Bollywood actor Sushant Singh Rajput sustained a hairline fracture in his ribcage, fractured fingers, and bravely took body blows while training to bat and keep wickets like Mahendra Singh Dhoni for the cricketer’s biopic, ‘MS Dhoni: The Untold Story’, reveals former India wicket-keeper Kiran More. The ribcage injury forced Sushant to take a 10-day break from coaching in the middle of the nine-month coaching stint in 2015 and 2016 in Mumbai. (More Cricket News)
But Sushant, who committed suicide aged 34 at his Mumbai residence on June 14, never showed his annoyance to Kiran More, reveals the former chairman of the Indian selection committee. Sushant’s daring attitude impressed Kiran More the most.
“It was his daring attitude that appealed to me the most – for an actor trying to play like a cricketer. I was taken aback by this. I was surprised when I saw him bravely face fast bowlers and the bowling machine. I said to myself: ‘is ladke mein daring hai. He’s ready for challenges’. Then I became confident. He was not bothered about getting hit by the cricket ball. I very much liked this daring aspect of his,” More told Outlook in an interview.
“Plus, I liked his observation; he used to observe very well and quite a lot. I would talk less and kind-of scold him almost all the time during the practice sessions. He would work hard in the evenings as well in his building’s basement on the aspects that I would make him do in the morning sessions. The next day he would come and tell me about the work that he had done with his driver etc., the previous evening,” revealed 57-year-old More.
It was the role of the swashbuckling batsman-cum-wicket-keeper Dhoni in the biopic that took Sushant to great heights as an actor, with some people considering it to be the best role of his short filmi career.
“I told him that he was the second person, after Dhoni, who I had seen play the best helicopter shot. He got excited. It took one-and-a-half months to master the helicopter shot. Once he got the shot right, he would play about 100 helicopter shots daily to master it. Overall, he would face 300 to 400 balls in a three-hour practice session, first while facing the bowling machine and then the bowlers. He loved batting. He would also challenge the net bowlers to get him out,” revealed More.
More coached Sushant for almost nine months, starting late in 2015. And during this period, More became a fan and a friend of Sushant. So much so that he would joke with the young actor, who had left an engineering course in New Delhi to try his luck in Bollywood.
“I would playfully needle him, whether he had a good batting session or a poor one. Coaching him required me to show a lot of patience – it was frustrating too at times -- even though I knew that I am trying to make an actor a cricketer. But after a month, I saw a lot of positive difference in him as he worked hard. Credit is due to him as well,” says More, who effected 130 dismissals in 49 Tests and 90 in 94 ODIs he played between 1984 and 1993.
Kiran More informs that learning to keep wickets was tougher for Sushant than imitating Dhoni the batsman. “Wicket-keeping was more difficult. We started with the season ball and then switched to tennis ball. Once he started using correct technique in catching the ball as a wicket-keeper, he progressed to keeping in the nets against the bowlers. I feared the ball rising suddenly and hitting him. While batting you have a bat to defend yourself against the ball, but not as a wicket-keeper. He did get hit on his face, chest, and fingers etc. He also had a hairline fracture in his ribcage while batting. I gave him about a 10-day break after the rib injury. But he would not tell me about his injuries sustained in practice, nor did he complain,” informs the Baroda-based More.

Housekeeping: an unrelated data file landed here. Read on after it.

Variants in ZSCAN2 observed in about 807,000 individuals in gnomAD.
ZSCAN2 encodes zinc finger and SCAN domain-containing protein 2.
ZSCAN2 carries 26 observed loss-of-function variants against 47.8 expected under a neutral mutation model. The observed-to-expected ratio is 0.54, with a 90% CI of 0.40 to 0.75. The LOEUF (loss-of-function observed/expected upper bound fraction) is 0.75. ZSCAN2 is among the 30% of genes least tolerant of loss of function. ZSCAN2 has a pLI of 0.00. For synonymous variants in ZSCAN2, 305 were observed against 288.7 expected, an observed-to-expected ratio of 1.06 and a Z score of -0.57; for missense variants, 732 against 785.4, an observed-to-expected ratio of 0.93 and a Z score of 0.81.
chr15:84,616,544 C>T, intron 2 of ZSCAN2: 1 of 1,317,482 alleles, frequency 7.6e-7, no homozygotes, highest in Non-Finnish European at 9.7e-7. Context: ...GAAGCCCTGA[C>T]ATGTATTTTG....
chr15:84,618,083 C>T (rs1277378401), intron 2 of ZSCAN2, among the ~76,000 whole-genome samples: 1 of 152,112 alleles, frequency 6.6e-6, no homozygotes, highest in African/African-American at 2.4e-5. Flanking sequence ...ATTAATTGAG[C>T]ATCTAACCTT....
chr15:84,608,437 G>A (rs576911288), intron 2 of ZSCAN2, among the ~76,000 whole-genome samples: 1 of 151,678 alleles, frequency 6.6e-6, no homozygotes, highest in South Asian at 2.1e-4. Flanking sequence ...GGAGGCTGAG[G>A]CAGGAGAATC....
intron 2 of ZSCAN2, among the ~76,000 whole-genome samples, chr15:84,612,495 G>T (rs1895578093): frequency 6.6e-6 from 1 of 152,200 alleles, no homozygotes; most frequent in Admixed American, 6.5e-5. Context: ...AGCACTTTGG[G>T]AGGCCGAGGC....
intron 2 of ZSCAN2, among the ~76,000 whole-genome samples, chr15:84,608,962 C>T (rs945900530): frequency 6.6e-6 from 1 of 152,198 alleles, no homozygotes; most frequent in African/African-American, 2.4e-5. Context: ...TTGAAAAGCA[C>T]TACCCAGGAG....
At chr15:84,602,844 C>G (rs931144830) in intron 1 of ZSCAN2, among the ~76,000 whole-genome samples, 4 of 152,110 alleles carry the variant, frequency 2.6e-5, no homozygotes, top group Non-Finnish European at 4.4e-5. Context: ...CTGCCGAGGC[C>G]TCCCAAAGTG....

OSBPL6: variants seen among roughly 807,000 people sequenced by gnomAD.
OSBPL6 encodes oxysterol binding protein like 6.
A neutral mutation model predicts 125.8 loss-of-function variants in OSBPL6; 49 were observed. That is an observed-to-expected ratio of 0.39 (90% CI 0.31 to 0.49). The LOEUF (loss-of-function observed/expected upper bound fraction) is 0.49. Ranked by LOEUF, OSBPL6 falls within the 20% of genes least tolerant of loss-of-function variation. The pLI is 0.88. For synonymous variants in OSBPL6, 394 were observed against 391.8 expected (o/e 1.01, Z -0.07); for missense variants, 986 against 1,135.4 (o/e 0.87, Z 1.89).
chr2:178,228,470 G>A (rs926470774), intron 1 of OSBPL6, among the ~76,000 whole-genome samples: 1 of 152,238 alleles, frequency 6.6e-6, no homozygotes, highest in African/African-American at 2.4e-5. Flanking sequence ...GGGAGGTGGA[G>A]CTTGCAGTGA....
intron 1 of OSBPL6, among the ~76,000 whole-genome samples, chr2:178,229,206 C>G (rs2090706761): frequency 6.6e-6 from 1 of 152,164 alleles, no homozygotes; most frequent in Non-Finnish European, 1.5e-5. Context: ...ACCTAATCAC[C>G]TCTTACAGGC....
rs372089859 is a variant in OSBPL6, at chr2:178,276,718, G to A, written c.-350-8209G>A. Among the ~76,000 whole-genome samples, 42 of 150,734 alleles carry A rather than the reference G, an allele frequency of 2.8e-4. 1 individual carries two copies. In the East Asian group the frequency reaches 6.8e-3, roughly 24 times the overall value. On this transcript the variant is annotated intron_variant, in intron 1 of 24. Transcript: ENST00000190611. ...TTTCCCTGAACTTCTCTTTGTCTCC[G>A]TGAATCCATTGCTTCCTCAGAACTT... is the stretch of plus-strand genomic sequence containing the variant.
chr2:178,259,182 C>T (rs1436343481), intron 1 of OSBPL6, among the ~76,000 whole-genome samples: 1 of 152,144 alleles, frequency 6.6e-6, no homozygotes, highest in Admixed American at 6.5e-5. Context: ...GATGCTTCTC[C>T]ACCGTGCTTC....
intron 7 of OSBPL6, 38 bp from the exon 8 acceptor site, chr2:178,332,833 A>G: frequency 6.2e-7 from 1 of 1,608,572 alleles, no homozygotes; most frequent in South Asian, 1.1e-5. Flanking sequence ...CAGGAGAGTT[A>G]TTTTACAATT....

Sushant would practice for 20 to 22 days a month, says More. “We mostly worked at Chandrakant Pandit Cricket Academy [at Hansraj Morarji Public School Ground, Munshi Nagar, Andheri (West), Mumbai], and at the Bandra-Kurla Complex of the Mumbai Cricket Association in Andheri. When it rain would come down they would go indoors at the BKC.
Sushant was punctual for the 7 am sessions. “I used to go from Mahim to the BKC to coach him. I would leave home at 6.15 in the morning to drive down and reach Andheri at 7 am. It would be four-hour sessions. It was fun as well as challenging for me as I had to coach an actor. It was not easy to play him cricket,” says More.
Kiran More, who has also played a cameo in the film, lauds Sushant’s dedicated passion for his work. “In film line, they work very hard, 24x7, and whatever commitment Sushant gave me he lived up to it. He would turn up at 7 am at the ground for practice/training, no matter how late he went to sleep the previous night. I treated him more like a cricketer than an actor. I was very strict with him, never compromised on his training part; did everything that was natural. Even the bowlers – both pacers and spinners -- that were used for his practice were hand-picked ones. We worked on his stance, batting grip – he had a different one from Dhoni – style of playing, and running between the wickets etc.,” he reveals.
On Sunday, all the memories of those nine months spent with the bubbly Sushant came back to make Kiran More emotional. “I was watching the videos that we had shot of his practice. It looked good. But Sunday was a sad day when I sat back and thought about it. It was a challenge for me, but he worked hard at it. Without his hard work, nothing could have been done. The end-result was terrific. He could play all of Dhoni’s shots and naturally, too,” avers More.
For in-depth, objective and more importantly balanced journalism, Click here to subscribe to Outlook Magazine